Compared to other children’s books, do-it-yourself books often encouraged young children to view themselves as responsible adults and engaged citizens. Their topics were numerous and wide-ranging and yet overwhelmingly geared toward the achievement of practical goals at hand and the learning of useful skills for the future. Their themes range from the application of technology in the context of Stalinist industrialization, military preparedness, the importance of voting, and understanding how machines work, to arithmetic, drawing, printing, and making figures of cardboard and wood. Published during the First Five-Year Plan, these books were clearly unified by the particular urgency attributed to the cultivation of practical technical skills and knowledge during that period of accelerated industrialization.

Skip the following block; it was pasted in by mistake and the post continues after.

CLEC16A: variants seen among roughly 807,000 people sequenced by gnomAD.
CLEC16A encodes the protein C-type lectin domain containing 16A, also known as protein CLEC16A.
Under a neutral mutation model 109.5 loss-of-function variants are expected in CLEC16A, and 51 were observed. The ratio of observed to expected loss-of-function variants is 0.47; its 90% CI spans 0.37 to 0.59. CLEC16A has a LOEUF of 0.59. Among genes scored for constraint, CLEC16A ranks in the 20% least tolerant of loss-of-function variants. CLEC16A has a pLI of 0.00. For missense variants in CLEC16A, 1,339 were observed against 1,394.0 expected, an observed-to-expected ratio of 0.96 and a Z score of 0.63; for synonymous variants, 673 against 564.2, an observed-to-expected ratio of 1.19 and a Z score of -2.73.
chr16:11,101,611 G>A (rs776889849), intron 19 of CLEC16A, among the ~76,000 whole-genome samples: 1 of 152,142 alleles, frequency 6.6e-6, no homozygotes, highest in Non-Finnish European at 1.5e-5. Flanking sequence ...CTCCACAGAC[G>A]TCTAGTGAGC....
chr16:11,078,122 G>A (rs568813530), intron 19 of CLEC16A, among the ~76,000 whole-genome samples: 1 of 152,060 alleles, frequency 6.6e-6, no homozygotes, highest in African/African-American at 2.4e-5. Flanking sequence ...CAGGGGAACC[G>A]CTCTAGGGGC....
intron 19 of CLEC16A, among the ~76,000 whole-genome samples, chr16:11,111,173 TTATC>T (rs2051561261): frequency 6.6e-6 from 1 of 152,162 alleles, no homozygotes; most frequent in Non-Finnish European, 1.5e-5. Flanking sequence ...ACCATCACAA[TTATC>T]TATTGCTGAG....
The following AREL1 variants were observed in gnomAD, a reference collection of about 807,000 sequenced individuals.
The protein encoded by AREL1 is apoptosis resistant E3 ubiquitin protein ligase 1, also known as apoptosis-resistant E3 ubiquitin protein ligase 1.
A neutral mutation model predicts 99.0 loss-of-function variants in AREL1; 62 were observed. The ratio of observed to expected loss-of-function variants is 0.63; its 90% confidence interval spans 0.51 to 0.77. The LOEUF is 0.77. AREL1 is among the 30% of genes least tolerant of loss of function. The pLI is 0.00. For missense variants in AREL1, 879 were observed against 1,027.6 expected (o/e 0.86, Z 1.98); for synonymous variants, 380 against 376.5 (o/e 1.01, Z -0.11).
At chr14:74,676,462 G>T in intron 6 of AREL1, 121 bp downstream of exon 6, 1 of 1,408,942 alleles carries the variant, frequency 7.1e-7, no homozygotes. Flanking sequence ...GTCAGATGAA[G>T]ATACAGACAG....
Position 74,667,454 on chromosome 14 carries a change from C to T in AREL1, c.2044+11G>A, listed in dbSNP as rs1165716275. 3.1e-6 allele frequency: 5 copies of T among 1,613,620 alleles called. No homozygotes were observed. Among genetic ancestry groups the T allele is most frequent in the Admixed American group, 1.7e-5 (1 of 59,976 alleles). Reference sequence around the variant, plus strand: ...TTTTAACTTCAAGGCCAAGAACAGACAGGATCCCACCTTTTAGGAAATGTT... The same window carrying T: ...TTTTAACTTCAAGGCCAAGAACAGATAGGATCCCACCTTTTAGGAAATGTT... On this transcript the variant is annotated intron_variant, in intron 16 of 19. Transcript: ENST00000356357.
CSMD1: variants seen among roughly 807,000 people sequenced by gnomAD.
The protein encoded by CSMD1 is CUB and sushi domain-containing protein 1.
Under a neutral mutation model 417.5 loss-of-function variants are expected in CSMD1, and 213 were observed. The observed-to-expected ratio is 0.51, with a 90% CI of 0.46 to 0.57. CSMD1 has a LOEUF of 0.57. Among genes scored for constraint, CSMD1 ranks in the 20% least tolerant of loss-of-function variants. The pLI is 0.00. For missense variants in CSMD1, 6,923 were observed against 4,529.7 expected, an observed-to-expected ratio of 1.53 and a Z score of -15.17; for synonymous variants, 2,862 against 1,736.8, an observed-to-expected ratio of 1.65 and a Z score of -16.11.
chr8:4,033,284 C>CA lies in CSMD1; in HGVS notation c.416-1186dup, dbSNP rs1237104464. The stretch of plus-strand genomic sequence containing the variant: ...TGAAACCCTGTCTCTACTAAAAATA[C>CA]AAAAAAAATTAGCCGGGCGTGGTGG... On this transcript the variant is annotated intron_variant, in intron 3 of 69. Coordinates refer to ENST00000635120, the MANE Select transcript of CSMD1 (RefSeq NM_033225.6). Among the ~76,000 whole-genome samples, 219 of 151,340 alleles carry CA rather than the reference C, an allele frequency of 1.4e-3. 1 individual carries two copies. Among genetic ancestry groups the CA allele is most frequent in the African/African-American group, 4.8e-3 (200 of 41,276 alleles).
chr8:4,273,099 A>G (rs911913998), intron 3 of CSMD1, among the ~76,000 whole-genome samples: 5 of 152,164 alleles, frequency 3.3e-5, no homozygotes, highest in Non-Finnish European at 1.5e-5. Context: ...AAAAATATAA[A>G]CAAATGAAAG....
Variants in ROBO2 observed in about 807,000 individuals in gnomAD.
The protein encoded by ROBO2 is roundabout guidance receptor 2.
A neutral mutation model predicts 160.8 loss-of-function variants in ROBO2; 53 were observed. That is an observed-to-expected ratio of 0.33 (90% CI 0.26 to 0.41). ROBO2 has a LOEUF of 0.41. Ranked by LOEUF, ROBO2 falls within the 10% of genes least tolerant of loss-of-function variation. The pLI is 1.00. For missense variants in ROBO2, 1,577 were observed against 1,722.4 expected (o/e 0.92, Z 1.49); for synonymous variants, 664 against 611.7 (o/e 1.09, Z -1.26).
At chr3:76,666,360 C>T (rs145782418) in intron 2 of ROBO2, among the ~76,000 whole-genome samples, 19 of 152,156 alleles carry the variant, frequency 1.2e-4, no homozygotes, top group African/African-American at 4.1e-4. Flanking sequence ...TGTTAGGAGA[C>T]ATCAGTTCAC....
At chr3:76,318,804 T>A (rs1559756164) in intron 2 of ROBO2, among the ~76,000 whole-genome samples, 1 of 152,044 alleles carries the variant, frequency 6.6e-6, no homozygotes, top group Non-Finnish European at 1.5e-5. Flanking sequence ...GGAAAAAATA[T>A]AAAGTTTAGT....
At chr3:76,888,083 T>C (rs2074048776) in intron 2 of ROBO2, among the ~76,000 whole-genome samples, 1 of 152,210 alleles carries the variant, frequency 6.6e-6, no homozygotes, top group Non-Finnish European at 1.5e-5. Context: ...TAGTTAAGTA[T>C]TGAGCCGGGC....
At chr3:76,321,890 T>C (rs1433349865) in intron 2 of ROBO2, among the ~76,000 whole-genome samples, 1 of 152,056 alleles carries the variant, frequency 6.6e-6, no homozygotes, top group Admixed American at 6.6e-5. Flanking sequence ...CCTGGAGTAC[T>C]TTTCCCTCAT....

Do-it-yourself books are invariably multicolored, engaging and include easy and simple instructions. They often start with a list of required materials and tools and end with an exhortation to their young readers to build on what they have already learned. Some of the books have a simple plot with characters that walk the reader through the steps of assembling an object. Most lack a plot but sometimes go well beyond the construction of toys. For example, Kak my delali Avroru [How We Made the Cruiser Aurora] asks children to model various objects associated with the historic events on the eve of the October Revolution and then to use these toys and re-enact them in groups. These re-enactments hearken back to the massive theatrical commemorative events of the October Revolution organized on a huge scale during the early 1920s by avant-garde theater directors. Continue reading

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Chronopolis

J.G. Ballard
New Worlds
August 1960